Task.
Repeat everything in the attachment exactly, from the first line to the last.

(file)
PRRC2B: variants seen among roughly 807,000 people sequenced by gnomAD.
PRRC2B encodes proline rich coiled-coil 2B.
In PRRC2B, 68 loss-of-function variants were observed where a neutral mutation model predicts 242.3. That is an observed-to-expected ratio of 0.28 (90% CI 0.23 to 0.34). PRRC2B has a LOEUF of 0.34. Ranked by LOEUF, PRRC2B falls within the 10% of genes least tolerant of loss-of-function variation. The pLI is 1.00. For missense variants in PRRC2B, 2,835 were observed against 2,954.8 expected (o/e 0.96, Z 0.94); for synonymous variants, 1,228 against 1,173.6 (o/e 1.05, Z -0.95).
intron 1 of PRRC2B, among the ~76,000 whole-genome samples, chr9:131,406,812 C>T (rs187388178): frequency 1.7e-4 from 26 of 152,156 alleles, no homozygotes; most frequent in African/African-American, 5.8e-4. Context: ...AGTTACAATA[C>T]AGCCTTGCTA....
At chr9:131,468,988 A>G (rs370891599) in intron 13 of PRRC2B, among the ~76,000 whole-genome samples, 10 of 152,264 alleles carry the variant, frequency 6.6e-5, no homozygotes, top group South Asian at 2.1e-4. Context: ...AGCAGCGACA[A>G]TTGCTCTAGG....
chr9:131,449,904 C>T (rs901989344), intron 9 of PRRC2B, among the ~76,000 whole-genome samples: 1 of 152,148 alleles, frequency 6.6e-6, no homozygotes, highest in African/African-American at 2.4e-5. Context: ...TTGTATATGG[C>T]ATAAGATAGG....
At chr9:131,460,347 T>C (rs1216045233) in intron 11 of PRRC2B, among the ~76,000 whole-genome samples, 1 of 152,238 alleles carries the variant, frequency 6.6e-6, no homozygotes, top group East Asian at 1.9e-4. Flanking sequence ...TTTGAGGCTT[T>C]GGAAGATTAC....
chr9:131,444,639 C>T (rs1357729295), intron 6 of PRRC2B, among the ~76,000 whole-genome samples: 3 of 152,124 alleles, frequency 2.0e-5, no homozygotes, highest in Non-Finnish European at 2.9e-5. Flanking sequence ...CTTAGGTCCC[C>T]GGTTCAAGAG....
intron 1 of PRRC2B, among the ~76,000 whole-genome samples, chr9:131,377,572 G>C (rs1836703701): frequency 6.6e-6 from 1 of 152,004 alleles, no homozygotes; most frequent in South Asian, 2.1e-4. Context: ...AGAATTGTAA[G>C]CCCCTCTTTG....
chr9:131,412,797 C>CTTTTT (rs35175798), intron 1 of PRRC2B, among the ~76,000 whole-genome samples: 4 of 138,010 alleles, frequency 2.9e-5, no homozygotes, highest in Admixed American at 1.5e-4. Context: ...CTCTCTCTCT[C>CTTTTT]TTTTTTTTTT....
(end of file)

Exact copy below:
PRRC2B: variants seen among roughly 807,000 people sequenced by gnomAD.
PRRC2B encodes proline rich coiled-coil 2B.
In PRRC2B, 68 loss-of-function variants were observed where a neutral mutation model predicts 242.3. That is an observed-to-expected ratio of 0.28 (90% CI 0.23 to 0.34). PRRC2B has a LOEUF of 0.34. Ranked by LOEUF, PRRC2B falls within the 10% of genes least tolerant of loss-of-function variation. The pLI is 1.00. For missense variants in PRRC2B, 2,835 were observed against 2,954.8 expected (o/e 0.96, Z 0.94); for synonymous variants, 1,228 against 1,173.6 (o/e 1.05, Z -0.95).
intron 1 of PRRC2B, among the ~76,000 whole-genome samples, chr9:131,406,812 C>T (rs187388178): frequency 1.7e-4 from 26 of 152,156 alleles, no homozygotes; most frequent in African/African-American, 5.8e-4. Context: ...AGTTACAATA[C>T]AGCCTTGCTA....
At chr9:131,468,988 A>G (rs370891599) in intron 13 of PRRC2B, among the ~76,000 whole-genome samples, 10 of 152,264 alleles carry the variant, frequency 6.6e-5, no homozygotes, top group South Asian at 2.1e-4. Context: ...AGCAGCGACA[A>G]TTGCTCTAGG....
chr9:131,449,904 C>T (rs901989344), intron 9 of PRRC2B, among the ~76,000 whole-genome samples: 1 of 152,148 alleles, frequency 6.6e-6, no homozygotes, highest in African/African-American at 2.4e-5. Context: ...TTGTATATGG[C>T]ATAAGATAGG....
At chr9:131,460,347 T>C (rs1216045233) in intron 11 of PRRC2B, among the ~76,000 whole-genome samples, 1 of 152,238 alleles carries the variant, frequency 6.6e-6, no homozygotes, top group East Asian at 1.9e-4. Flanking sequence ...TTTGAGGCTT[T>C]GGAAGATTAC....
chr9:131,444,639 C>T (rs1357729295), intron 6 of PRRC2B, among the ~76,000 whole-genome samples: 3 of 152,124 alleles, frequency 2.0e-5, no homozygotes, highest in Non-Finnish European at 2.9e-5. Flanking sequence ...CTTAGGTCCC[C>T]GGTTCAAGAG....
intron 1 of PRRC2B, among the ~76,000 whole-genome samples, chr9:131,377,572 G>C (rs1836703701): frequency 6.6e-6 from 1 of 152,004 alleles, no homozygotes; most frequent in South Asian, 2.1e-4. Context: ...AGAATTGTAA[G>C]CCCCTCTTTG....
chr9:131,412,797 C>CTTTTT (rs35175798), intron 1 of PRRC2B, among the ~76,000 whole-genome samples: 4 of 138,010 alleles, frequency 2.9e-5, no homozygotes, highest in Admixed American at 1.5e-4. Context: ...CTCTCTCTCT[C>CTTTTT]TTTTTTTTTT....